Cogbites Interview Series: Nicolas Scrutton Alvarado

Welcome back to our cogbites interview series, where we interview cognitive scientists by asking them a few questions about their interests in science and what keeps them engaged both in and out of the lab.

As a reminder, you can learn a little about our own team of contributors by reading their bios (either on our author page or at the bottom of each post), but this is a chance to get to know some early-career scientists even better. Our last interview was with Alex Knopps, a second year Ph.D. student in Psychology and Discipline Based Education Research programs at North Dakota State University.

This week we interview Nicolas Scrutton Alvarado, a 4th year graduate student in the Department of Neurobiology at Northwestern University. Nicolas is pursuing his Ph.D. in molecular neurobiology with Dr. Yue Yang.

Nicolas studies the 3D organization of the genome, called chromatin architecture, in the context of cerebellar development. He is investigating how chromatin architecture changes over neural development, and how it in turn affects differentiation and maturation.

Nicolas Scrutton Alvarado

He recently wrote a blog post on cogbites about the role of our brain in our behavioral response to illness.

Here’s our interview with Nicolas:

Why did you decide to pursue cognitive science? 

I’ve always been fascinated in the intersection of environment and genetics. Exposure to neuroscience concepts during my undergraduate studies morphed that fascination to the impact of cognitive experience on molecular processes. I’m fascinated by the questions on how what we experience and feel have a tangible impact on our biology.

What are you currently working on?

I’m currently working on investigating the 3D movement of genes across brain development. The 3D localisation of genes in the cell nucleus, known as genomic architecture, has been shown to play a role in cell differentiation and gene transcription. I’m interested in how certain regions of the genome move across the development of cerebellar granule neurons, the most abundant cell type in the brain. This abundancy makes it a really attractive candidate for use in biochemical studies. Normally, isolating cells from the brain is difficult – the cell types can so diverse and rare, which makes identifying molecular information from them challenging. In the cerebellum, around 70% of the cells are granule neurons. That way, any experiment using the whole tissue is primarily gathering data from granule neurons. I’m interested in studying the changes in its genomic architecture because it’s a relatively new field, and we don’t know much about the mechanisms at play! The smaller scale structure of the genome, how different regions interact with one another to drive gene expression, are pretty well identified. By contrast, the mechanisms governing the movement of large sections of the genome, whole chunks of the chromosome, are unknown. That’s where my research sits.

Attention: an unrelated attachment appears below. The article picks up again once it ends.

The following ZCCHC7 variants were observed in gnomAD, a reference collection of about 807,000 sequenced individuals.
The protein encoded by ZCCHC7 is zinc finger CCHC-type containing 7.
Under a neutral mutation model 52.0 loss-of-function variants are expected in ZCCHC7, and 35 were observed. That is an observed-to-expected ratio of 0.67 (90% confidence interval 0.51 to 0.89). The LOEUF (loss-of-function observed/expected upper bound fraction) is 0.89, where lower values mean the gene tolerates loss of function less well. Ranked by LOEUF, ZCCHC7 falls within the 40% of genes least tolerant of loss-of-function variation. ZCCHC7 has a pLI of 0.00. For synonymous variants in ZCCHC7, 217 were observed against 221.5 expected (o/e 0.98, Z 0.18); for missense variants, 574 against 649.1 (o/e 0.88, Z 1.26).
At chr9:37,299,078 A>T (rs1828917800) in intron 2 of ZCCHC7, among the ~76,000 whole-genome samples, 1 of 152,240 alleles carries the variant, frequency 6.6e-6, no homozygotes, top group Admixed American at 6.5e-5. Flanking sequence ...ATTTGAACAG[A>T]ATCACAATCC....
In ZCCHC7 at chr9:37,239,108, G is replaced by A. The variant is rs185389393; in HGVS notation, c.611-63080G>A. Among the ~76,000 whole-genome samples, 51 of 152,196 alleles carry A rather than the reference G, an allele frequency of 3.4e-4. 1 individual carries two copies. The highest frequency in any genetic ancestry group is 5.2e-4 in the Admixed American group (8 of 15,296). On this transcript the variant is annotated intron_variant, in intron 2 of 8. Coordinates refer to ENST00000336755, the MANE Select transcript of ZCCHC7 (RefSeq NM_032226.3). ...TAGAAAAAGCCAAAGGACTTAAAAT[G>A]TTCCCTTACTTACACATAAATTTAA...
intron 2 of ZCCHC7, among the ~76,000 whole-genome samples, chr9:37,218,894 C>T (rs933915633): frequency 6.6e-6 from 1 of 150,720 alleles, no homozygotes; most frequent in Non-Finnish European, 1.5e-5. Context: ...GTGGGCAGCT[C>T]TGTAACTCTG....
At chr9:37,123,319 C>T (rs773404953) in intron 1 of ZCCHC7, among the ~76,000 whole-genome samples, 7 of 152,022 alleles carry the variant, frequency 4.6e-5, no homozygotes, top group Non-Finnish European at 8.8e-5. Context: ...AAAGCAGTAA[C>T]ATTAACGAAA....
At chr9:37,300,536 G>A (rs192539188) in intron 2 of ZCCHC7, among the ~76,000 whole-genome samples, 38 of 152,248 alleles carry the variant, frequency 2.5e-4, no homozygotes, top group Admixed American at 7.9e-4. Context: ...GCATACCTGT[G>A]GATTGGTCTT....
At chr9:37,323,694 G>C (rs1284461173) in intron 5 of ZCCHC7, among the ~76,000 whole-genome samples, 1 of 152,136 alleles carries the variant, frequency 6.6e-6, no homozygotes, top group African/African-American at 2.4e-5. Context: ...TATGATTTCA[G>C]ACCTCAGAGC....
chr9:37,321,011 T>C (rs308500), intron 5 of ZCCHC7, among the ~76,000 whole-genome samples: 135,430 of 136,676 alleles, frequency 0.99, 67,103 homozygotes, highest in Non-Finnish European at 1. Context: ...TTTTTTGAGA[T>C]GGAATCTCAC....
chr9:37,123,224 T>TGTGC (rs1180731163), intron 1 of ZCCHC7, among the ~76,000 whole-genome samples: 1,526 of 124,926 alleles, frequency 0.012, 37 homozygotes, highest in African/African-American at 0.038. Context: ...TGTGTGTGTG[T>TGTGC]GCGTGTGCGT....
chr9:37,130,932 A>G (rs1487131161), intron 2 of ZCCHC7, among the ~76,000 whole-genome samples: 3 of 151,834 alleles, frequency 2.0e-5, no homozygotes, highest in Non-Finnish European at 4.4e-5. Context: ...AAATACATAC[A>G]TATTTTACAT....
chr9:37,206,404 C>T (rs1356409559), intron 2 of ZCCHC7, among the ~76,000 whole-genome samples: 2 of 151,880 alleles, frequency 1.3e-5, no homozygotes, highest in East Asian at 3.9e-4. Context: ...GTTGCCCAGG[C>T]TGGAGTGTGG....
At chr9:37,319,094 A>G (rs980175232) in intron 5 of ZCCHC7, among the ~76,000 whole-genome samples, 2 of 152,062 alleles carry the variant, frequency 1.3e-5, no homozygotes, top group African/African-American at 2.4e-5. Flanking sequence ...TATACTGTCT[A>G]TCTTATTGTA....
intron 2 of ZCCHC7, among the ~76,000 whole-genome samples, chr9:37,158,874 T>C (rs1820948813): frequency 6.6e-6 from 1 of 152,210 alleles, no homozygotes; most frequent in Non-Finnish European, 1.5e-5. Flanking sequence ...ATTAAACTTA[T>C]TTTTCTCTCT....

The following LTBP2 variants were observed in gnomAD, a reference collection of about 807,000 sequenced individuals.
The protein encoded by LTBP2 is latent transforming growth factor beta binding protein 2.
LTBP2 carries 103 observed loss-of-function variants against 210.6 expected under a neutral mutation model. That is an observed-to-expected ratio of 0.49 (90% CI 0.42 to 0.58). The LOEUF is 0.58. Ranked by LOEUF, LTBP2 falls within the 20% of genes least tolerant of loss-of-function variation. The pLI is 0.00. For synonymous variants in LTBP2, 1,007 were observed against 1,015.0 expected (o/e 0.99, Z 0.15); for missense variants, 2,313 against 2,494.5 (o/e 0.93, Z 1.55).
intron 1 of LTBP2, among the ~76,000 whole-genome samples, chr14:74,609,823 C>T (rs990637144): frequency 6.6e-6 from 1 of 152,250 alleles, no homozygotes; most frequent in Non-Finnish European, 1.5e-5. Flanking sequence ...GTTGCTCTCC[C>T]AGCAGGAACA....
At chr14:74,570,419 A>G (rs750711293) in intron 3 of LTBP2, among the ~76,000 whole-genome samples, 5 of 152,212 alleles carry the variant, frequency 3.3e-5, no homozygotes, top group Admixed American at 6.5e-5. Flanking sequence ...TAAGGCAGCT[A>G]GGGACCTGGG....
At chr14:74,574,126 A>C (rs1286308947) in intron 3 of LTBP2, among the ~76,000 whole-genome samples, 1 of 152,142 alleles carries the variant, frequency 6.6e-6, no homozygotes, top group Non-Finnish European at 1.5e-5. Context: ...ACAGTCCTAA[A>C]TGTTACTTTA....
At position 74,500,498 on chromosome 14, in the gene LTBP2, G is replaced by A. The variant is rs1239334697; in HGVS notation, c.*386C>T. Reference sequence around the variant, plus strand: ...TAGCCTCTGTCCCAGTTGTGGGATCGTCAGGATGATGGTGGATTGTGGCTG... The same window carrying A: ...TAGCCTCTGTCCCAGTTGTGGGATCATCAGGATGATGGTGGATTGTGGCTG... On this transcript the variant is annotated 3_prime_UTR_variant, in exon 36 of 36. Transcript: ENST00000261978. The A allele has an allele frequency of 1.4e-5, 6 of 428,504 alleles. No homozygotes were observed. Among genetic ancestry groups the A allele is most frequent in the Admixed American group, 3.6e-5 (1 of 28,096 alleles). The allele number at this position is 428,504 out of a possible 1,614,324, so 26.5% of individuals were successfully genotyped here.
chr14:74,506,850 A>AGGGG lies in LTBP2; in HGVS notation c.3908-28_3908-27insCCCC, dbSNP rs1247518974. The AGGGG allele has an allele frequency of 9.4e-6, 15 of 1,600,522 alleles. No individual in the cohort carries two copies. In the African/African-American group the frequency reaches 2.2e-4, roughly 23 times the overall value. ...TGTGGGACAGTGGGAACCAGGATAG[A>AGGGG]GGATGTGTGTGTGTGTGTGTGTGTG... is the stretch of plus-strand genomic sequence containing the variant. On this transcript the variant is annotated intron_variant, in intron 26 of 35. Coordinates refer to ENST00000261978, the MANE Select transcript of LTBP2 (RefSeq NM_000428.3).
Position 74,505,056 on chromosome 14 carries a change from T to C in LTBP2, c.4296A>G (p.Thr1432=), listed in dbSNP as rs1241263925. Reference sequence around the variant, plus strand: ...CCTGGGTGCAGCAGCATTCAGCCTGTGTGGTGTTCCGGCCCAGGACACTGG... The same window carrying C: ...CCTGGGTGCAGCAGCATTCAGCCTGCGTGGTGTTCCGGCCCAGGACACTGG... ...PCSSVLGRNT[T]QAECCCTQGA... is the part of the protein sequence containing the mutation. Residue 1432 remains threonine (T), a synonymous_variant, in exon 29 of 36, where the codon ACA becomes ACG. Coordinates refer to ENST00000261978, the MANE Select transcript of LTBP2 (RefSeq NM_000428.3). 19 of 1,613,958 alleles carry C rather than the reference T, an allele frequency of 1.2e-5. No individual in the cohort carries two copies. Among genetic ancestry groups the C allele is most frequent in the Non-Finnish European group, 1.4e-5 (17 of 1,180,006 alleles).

We can study genome architecture through a couple of different ways. One way is using biochemical techniques called chromatin conformation captures, or 3C techs. You use a sort of glue to freeze cells in place, which means that bits of the genome that are close together in 3D are held there. The glue sticks those regions together, then you can cut the DNA into small bits and sequence them. Regions which are close together in 3D space will be sequenced together, which allows us to build maps of the 3D interactions in space. The 3C variant I use are called HiC maps (yes, named after the popular fruit juice).

The second way is a little more intuitive. It’s possible to tag regions of DNA with fluorescent markers, which means you can directly see their location inside cells (like below). From there, you can see how they move around each other, or how they interact with one another, and other things present in the nucleus. That’s the way I primarily study them.

An image of dissociated cerebellar granule neurons, stained with flourescent markers. The blue is Hoechst, a marker for general DNA. The red and green spots are different regions of the genome which I study.

What’s the most exciting concept in cognitive science?

I think the innovations in understanding the molecular mechanisms behind cognition and behavior are really exciting, and very important. It may hold the clues we need for the treatment of mental disorders, as well as a better understanding of how our brains work.

What sparked your interest in science communication (SciComm)?

I come from a family of journalists, so communication was always emphasized while growing up. I got a chance to explore science communication in my undergrad, where I wrote and edited for a student-run science magazine. From there, I’ve had a chance to develop my skills and attend to my interest in a number of ways, from writing to podcasting. I think science communication is an incredibly important aspect of science, and needs a greater emphasis in the scientific enterprise.

When I’m not working in the lab, I’m usually involved in some SciComm project! I’m a founder and writer for the mental health organization Mentally Minded, an editor for Northwestern’s Helix Magazine, the co-host of the science podcast In the Spotlight, and a contributing writer here at Cogbites!

Is there anything else you want us to know about you?

In my spare time, I like to cook new recipes, go rock climbing with friends, or read fiction (I do enough non-fiction in research papers). I’m particularly fond of baking breads – the recipe that sparked my love of cooking was attempting to make my own focaccia after a disappointing experience from one in a local supermarket in Scotland, where I lived at the time.